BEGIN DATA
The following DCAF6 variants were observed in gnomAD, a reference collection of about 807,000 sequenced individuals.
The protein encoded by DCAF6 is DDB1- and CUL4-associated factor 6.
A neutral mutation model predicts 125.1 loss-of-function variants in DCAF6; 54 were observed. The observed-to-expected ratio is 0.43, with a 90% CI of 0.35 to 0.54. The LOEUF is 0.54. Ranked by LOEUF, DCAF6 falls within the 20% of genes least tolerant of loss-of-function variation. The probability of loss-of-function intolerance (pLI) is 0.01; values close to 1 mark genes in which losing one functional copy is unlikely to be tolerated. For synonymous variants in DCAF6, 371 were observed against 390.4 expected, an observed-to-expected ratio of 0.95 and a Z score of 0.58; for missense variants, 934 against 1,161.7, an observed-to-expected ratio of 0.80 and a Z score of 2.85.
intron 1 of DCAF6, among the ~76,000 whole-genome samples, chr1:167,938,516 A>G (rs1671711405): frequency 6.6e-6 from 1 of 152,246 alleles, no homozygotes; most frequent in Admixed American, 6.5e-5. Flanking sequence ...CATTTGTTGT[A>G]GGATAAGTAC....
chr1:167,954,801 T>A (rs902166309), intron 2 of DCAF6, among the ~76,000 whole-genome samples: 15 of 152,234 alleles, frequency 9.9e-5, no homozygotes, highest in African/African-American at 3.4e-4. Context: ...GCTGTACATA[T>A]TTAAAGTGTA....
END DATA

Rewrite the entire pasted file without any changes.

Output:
The following DCAF6 variants were observed in gnomAD, a reference collection of about 807,000 sequenced individuals.
The protein encoded by DCAF6 is DDB1- and CUL4-associated factor 6.
A neutral mutation model predicts 125.1 loss-of-function variants in DCAF6; 54 were observed. The observed-to-expected ratio is 0.43, with a 90% CI of 0.35 to 0.54. The LOEUF is 0.54. Ranked by LOEUF, DCAF6 falls within the 20% of genes least tolerant of loss-of-function variation. The probability of loss-of-function intolerance (pLI) is 0.01; values close to 1 mark genes in which losing one functional copy is unlikely to be tolerated. For synonymous variants in DCAF6, 371 were observed against 390.4 expected, an observed-to-expected ratio of 0.95 and a Z score of 0.58; for missense variants, 934 against 1,161.7, an observed-to-expected ratio of 0.80 and a Z score of 2.85.
intron 1 of DCAF6, among the ~76,000 whole-genome samples, chr1:167,938,516 A>G (rs1671711405): frequency 6.6e-6 from 1 of 152,246 alleles, no homozygotes; most frequent in Admixed American, 6.5e-5. Flanking sequence ...CATTTGTTGT[A>G]GGATAAGTAC....
chr1:167,954,801 T>A (rs902166309), intron 2 of DCAF6, among the ~76,000 whole-genome samples: 15 of 152,234 alleles, frequency 9.9e-5, no homozygotes, highest in African/African-American at 3.4e-4. Context: ...GCTGTACATA[T>A]TTAAAGTGTA....